CAGAYAN DE ORO CITY, Philippines – About P25 million in aid was given to residents in some areas of Lanao del Sur and Maguindanao who were affected by the Marawi crisis by the United Nations’ Food and Agriculture Organization (FAO) which will be used to boost their agricultural production.
According to FAO, the assistance will benefit communities in Marawi City and outlying municipalities of Lanao del Sur and Maguindanao who are just starting to get back on their feet after five months of fighting between extremists and state forces in Marawi.
The conflict, the agency said, has taken a heavy toll on rural livelihoods and industries, as well as the food supply and agribusiness value chain on which smallholders depend for their daily subsistence.
FAO said the amount was donated by the government of the Kingdom of Belgium and was channeled through FAO-SFERA (Special Fund for Emergency and Rehabilitation Activities) to fund the purchase and distribution of rice, corn vegetable seeds, fertilizer, farming tools and broiler chicken production packages to 4,949 farming families in Marawi, Lanao del Sur and Maguindanao.
The delivery of the agricultural inputs, FAO said, was aimed at helping returning and displaced farmers to reestablish their livelihoods and food security.
Among the recipients of the assistance are displaced families who are staying with their relatives, host communities and in evacuation centers, including agrarian reform beneficiaries.
The packages were meant to help augment their short-term food and income requirements, FAO said.
“The Government of Belgium and its people hope that our contribution will help ensure that those affected by the Marawi crisis are able to recover as quickly as possible,” Belgium Ambassador to the Philippines Michel Goffin said during his most recent visit to Marawi.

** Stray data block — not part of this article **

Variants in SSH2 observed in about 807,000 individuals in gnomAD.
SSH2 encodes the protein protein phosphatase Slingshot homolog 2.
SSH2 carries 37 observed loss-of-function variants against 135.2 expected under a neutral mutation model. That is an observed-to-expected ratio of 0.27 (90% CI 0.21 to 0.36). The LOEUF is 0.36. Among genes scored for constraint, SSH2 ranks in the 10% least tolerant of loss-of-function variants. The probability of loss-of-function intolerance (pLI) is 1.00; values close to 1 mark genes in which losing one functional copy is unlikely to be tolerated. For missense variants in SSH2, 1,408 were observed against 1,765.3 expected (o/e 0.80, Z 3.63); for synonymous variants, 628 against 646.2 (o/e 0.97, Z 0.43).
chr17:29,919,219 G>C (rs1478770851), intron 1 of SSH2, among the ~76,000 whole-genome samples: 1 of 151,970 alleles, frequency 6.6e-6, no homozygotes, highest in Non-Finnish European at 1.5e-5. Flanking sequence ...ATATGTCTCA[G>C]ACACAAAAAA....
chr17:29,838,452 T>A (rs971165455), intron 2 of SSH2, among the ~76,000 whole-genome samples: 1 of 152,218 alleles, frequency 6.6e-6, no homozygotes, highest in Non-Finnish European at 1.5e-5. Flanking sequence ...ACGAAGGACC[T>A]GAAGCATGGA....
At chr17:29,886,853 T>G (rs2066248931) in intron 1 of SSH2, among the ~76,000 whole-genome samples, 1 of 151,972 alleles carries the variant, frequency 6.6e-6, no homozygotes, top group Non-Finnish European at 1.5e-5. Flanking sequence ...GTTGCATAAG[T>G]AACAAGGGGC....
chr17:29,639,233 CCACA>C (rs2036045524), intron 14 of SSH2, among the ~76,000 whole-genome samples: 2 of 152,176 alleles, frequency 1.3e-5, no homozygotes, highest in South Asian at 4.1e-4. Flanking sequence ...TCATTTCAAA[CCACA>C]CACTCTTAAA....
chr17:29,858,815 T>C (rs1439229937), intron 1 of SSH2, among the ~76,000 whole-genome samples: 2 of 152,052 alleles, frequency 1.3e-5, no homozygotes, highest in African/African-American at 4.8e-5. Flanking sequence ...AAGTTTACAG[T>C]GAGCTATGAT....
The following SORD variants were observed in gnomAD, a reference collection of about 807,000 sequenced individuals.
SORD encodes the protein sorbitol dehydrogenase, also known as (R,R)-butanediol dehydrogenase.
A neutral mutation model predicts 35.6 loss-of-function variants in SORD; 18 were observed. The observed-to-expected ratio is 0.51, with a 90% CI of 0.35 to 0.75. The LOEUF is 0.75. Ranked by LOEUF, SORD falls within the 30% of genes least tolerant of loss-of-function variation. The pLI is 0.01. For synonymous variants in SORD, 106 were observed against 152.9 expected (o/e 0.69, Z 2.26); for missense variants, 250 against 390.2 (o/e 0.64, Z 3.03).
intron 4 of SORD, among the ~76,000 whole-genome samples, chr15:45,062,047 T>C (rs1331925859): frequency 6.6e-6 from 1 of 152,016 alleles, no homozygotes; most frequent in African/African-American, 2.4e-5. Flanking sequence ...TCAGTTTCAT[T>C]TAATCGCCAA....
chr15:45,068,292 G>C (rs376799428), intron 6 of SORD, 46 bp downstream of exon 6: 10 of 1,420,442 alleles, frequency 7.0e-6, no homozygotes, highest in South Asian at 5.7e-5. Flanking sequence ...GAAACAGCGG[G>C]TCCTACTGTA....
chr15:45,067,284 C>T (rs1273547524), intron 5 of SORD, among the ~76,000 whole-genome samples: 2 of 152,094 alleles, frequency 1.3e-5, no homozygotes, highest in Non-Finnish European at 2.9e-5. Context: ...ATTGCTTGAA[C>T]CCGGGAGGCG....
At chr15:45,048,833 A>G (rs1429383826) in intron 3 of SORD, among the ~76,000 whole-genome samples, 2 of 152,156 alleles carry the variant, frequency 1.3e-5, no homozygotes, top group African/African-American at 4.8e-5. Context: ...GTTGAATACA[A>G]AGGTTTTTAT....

FAO Representative in the Philippines José Luis Fernandez said: “We acknowledge that recovery and rehabilitation take some time, but the concerted efforts of government, non-government organizations, and communities are already making positive impacts to the people affected by the crisis. We must continue working together to sustain the gains we have achieved so far.”
Fernandez said FAO’s emergency and recovery response to the Marawi crisis focuses on rehabilitating the agriculture and fisheries sector, restoring the food supply chain in affected communities, and helping farmers reclaim their lost livelihoods so that they can begin rebuilding their lives.
Working closely with various partners and stakeholders, FAO has also mapped out a short- to medium-term strategic response plan to restore the food supply and agribusiness value chain in Marawi and other affected municipalities and enable them to be better linked to regional markets.
But while the Marawi internally displaced persons (IDPs) will appreciate any form of donations from foreign entities, Suara Bangsamoro chair Jerome Succor Aba has urged the government to be transparent in all the financial assistance it has so far received from various donors.
“We welcome it (FAO donation). We are thankful that they have extended help in the rehabilitation of the Marawi crisis victims. But the [IDPs] want transparency in the aid that the government has received,” Aba said in a phone interview Thursday afternoon.
He added, both the national and local governments need to re-design its reconstruction plan for Marawi and make it people-oriented instead of being business-centered.
Aba alleged that the national government plans to level the 24 affected barangays located in what is called as “ground zero” so huge local local and foreign investors could put up their businesses there.
“All they (Marawi IDPs) want is to go back the communities they left behind during the crisis and rebuild their lives,” he said. (davaotoday.com)